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Kayak Jim
05-06-2013, 09:39 AM
So I saw a free document named as this thread's title on Curt Sheller's website where he promotes his lesson plans, other publications for purchase etc. Quite an information packed site actually. http://curtsheller.com/ukulele/

I thought the document might tide me over until Ukulele Exercises for Dummies is available here in the colonies, or might give me a hit of what he might offer if I subscribed to his lessons, or be the next step after Boot Camp. Unfortunately, from the very first page (of 68) it was so far over my intermediate head it might as well have been on another planet. More than a dozen named scales (Ionian, Lydian, Locrian ....), modes, melodic intervals, etc. with drill after drill in every key. the only thing I even recognized was the Circle of Fifths.

My question is do you proficient players actually practice stuff like this on a daily basis? I can see music majors perhaps but wow, I had no idea! Very humbling to say the least.

Jim B

sukie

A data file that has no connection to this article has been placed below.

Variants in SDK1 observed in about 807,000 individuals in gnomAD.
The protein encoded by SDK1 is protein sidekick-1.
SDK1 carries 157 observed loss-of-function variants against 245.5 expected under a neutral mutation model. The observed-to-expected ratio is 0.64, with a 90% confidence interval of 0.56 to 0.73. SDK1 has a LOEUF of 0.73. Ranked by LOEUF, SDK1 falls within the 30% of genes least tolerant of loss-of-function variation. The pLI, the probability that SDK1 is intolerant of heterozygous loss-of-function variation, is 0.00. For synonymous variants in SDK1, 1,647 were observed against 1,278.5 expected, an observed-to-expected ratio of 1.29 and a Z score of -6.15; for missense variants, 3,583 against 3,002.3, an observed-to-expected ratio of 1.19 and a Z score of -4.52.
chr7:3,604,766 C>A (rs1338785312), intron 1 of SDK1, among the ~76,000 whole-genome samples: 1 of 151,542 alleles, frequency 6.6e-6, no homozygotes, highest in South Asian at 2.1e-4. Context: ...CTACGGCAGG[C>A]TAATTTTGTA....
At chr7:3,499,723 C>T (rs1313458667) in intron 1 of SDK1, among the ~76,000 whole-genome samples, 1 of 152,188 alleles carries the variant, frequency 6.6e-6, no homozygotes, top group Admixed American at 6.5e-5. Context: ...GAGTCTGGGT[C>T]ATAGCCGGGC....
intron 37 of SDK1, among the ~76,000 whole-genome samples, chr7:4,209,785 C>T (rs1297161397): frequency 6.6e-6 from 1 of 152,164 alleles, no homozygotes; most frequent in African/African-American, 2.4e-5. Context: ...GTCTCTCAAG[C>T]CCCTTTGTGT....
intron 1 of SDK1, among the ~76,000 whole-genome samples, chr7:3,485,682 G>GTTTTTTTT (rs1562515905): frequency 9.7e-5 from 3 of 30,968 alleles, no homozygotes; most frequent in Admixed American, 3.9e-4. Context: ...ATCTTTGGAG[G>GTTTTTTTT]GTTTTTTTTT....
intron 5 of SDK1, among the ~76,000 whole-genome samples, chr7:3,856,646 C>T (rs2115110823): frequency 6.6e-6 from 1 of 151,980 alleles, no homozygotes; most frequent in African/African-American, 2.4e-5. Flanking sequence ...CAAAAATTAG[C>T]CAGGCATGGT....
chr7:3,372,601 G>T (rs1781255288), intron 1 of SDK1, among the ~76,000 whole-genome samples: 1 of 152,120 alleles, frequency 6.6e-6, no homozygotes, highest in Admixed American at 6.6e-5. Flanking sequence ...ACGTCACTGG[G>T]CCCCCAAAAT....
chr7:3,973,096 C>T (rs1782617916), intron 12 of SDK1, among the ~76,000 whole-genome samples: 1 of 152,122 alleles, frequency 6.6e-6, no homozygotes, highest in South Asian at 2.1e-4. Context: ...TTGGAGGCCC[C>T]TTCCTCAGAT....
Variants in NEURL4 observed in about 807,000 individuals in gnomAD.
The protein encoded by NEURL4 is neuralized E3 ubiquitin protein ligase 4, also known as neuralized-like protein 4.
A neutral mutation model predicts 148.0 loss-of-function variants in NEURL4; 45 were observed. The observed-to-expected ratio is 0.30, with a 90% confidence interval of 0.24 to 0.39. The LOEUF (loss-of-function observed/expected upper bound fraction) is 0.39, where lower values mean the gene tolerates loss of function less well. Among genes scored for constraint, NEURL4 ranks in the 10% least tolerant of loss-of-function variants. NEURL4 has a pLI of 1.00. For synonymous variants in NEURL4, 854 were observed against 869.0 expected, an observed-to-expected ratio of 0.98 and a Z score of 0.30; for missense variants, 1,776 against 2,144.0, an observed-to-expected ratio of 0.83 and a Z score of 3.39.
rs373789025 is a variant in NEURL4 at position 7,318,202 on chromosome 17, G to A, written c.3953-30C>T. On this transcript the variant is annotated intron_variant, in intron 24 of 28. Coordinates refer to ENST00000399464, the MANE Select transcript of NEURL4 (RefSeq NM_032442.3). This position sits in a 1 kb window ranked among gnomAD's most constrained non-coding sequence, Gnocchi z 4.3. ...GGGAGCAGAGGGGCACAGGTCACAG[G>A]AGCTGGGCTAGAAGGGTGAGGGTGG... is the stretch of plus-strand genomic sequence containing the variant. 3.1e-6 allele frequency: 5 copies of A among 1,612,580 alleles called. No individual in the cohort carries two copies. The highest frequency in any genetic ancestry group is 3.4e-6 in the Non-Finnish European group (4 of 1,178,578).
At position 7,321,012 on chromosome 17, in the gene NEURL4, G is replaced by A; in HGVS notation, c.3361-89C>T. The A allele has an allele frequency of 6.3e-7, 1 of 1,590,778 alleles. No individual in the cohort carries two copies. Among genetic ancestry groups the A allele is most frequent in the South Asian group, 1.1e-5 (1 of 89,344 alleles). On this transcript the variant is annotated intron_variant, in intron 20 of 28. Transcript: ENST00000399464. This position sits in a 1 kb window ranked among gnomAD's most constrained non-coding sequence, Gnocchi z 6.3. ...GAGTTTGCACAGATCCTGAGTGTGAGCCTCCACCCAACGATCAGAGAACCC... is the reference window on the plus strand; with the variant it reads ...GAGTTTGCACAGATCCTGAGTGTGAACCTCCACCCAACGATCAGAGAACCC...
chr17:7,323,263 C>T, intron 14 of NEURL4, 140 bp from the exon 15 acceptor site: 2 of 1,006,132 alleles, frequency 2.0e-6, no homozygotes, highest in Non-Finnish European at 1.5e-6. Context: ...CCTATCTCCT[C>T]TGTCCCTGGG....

05-06-2013, 09:52 AM
I don't. But I wish I did. There is so much to learn and I want to know it all. I find by the time I practice the stuff for my lesson and then work on keeping older music current and maybe ditz a few minutes on stuff just for fun that I am out of time. I just have to remember that I am doing this for fun.

janeray1940
05-06-2013, 09:56 AM
Daily? Nah. I do play scales when I'm learning them, but - once I've learned them, I focus more on incorporating that knowledge into improvisation rather than rote memorization. And I haven't really found the need to go beyond major, minor, and pentatonic scales - particularly the moveable ones, which makes memorization pretty automatic. I don't think I could play a Lydian scale if my life depended on it :)

Uncle Rod Higuchi
05-06-2013, 10:46 AM
First of all, "I don't" to answer your question.

My question to you is, 'What do you want to learn?'.

As a singer-strummer, I'm interested in finding songs i want to learn to sing and play,
then work on the chording that will make it happen.

I really enjoy what DoctorUke has offered us all in his 'song' section of ( doctoruke.com ).

to me, just working through some of his chording is a wonderful learning expeience.
Thanks Doctor Uke (Dr Rosokoff).

Anyway, that's me. If you're interested in creating your own music as an instrumentalist, perhaps
what Mr Sheller recommends is the way to go. :)

keep uke'in',